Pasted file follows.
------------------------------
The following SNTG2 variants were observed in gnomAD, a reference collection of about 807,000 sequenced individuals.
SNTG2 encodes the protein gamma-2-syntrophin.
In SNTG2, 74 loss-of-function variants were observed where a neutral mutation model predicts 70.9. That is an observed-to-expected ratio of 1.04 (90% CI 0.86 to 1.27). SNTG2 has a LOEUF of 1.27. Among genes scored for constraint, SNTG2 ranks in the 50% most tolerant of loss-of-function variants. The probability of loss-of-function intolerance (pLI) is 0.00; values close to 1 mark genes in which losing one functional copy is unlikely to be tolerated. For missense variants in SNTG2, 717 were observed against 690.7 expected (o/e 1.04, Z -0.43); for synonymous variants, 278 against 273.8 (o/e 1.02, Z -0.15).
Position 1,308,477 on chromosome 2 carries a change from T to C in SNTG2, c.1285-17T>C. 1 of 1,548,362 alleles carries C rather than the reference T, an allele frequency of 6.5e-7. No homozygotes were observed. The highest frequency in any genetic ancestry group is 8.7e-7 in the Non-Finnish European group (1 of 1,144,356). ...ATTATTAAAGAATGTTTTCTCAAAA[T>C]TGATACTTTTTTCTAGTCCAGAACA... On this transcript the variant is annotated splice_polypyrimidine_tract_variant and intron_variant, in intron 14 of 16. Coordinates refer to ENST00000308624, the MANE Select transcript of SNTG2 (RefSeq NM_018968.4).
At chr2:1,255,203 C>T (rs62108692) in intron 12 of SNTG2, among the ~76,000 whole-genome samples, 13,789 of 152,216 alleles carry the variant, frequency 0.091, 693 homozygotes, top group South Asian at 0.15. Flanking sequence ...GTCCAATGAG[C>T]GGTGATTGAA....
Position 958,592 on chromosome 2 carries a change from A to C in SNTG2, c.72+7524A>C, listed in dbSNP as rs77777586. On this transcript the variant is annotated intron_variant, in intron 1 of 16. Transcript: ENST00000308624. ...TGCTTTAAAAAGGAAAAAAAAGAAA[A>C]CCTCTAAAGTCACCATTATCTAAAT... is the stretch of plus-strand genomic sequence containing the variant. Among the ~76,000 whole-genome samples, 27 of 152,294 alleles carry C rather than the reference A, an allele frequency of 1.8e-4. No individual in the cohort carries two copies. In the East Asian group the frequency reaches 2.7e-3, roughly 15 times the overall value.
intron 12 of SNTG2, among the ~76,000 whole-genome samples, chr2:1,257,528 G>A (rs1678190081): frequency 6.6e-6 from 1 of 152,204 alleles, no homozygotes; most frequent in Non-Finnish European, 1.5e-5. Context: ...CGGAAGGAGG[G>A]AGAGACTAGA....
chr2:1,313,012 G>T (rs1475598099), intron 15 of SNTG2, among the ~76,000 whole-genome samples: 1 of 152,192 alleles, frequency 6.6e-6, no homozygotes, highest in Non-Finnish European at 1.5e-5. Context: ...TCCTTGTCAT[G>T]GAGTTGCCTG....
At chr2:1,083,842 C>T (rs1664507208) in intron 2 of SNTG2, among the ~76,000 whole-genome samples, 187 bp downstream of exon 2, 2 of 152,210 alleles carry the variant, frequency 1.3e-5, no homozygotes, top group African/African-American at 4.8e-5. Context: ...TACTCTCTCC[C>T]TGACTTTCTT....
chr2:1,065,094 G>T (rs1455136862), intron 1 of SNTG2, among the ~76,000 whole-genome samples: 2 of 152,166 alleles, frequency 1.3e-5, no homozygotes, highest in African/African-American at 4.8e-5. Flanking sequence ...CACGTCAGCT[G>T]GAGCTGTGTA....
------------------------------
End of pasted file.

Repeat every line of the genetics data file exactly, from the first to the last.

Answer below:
The following SNTG2 variants were observed in gnomAD, a reference collection of about 807,000 sequenced individuals.
SNTG2 encodes the protein gamma-2-syntrophin.
In SNTG2, 74 loss-of-function variants were observed where a neutral mutation model predicts 70.9. That is an observed-to-expected ratio of 1.04 (90% CI 0.86 to 1.27). SNTG2 has a LOEUF of 1.27. Among genes scored for constraint, SNTG2 ranks in the 50% most tolerant of loss-of-function variants. The probability of loss-of-function intolerance (pLI) is 0.00; values close to 1 mark genes in which losing one functional copy is unlikely to be tolerated. For missense variants in SNTG2, 717 were observed against 690.7 expected (o/e 1.04, Z -0.43); for synonymous variants, 278 against 273.8 (o/e 1.02, Z -0.15).
Position 1,308,477 on chromosome 2 carries a change from T to C in SNTG2, c.1285-17T>C. 1 of 1,548,362 alleles carries C rather than the reference T, an allele frequency of 6.5e-7. No homozygotes were observed. The highest frequency in any genetic ancestry group is 8.7e-7 in the Non-Finnish European group (1 of 1,144,356). ...ATTATTAAAGAATGTTTTCTCAAAA[T>C]TGATACTTTTTTCTAGTCCAGAACA... On this transcript the variant is annotated splice_polypyrimidine_tract_variant and intron_variant, in intron 14 of 16. Coordinates refer to ENST00000308624, the MANE Select transcript of SNTG2 (RefSeq NM_018968.4).
At chr2:1,255,203 C>T (rs62108692) in intron 12 of SNTG2, among the ~76,000 whole-genome samples, 13,789 of 152,216 alleles carry the variant, frequency 0.091, 693 homozygotes, top group South Asian at 0.15. Flanking sequence ...GTCCAATGAG[C>T]GGTGATTGAA....
Position 958,592 on chromosome 2 carries a change from A to C in SNTG2, c.72+7524A>C, listed in dbSNP as rs77777586. On this transcript the variant is annotated intron_variant, in intron 1 of 16. Transcript: ENST00000308624. ...TGCTTTAAAAAGGAAAAAAAAGAAA[A>C]CCTCTAAAGTCACCATTATCTAAAT... is the stretch of plus-strand genomic sequence containing the variant. Among the ~76,000 whole-genome samples, 27 of 152,294 alleles carry C rather than the reference A, an allele frequency of 1.8e-4. No individual in the cohort carries two copies. In the East Asian group the frequency reaches 2.7e-3, roughly 15 times the overall value.
intron 12 of SNTG2, among the ~76,000 whole-genome samples, chr2:1,257,528 G>A (rs1678190081): frequency 6.6e-6 from 1 of 152,204 alleles, no homozygotes; most frequent in Non-Finnish European, 1.5e-5. Context: ...CGGAAGGAGG[G>A]AGAGACTAGA....
chr2:1,313,012 G>T (rs1475598099), intron 15 of SNTG2, among the ~76,000 whole-genome samples: 1 of 152,192 alleles, frequency 6.6e-6, no homozygotes, highest in Non-Finnish European at 1.5e-5. Context: ...TCCTTGTCAT[G>T]GAGTTGCCTG....
At chr2:1,083,842 C>T (rs1664507208) in intron 2 of SNTG2, among the ~76,000 whole-genome samples, 187 bp downstream of exon 2, 2 of 152,210 alleles carry the variant, frequency 1.3e-5, no homozygotes, top group African/African-American at 4.8e-5. Context: ...TACTCTCTCC[C>T]TGACTTTCTT....
chr2:1,065,094 G>T (rs1455136862), intron 1 of SNTG2, among the ~76,000 whole-genome samples: 2 of 152,166 alleles, frequency 1.3e-5, no homozygotes, highest in African/African-American at 4.8e-5. Flanking sequence ...CACGTCAGCT[G>T]GAGCTGTGTA....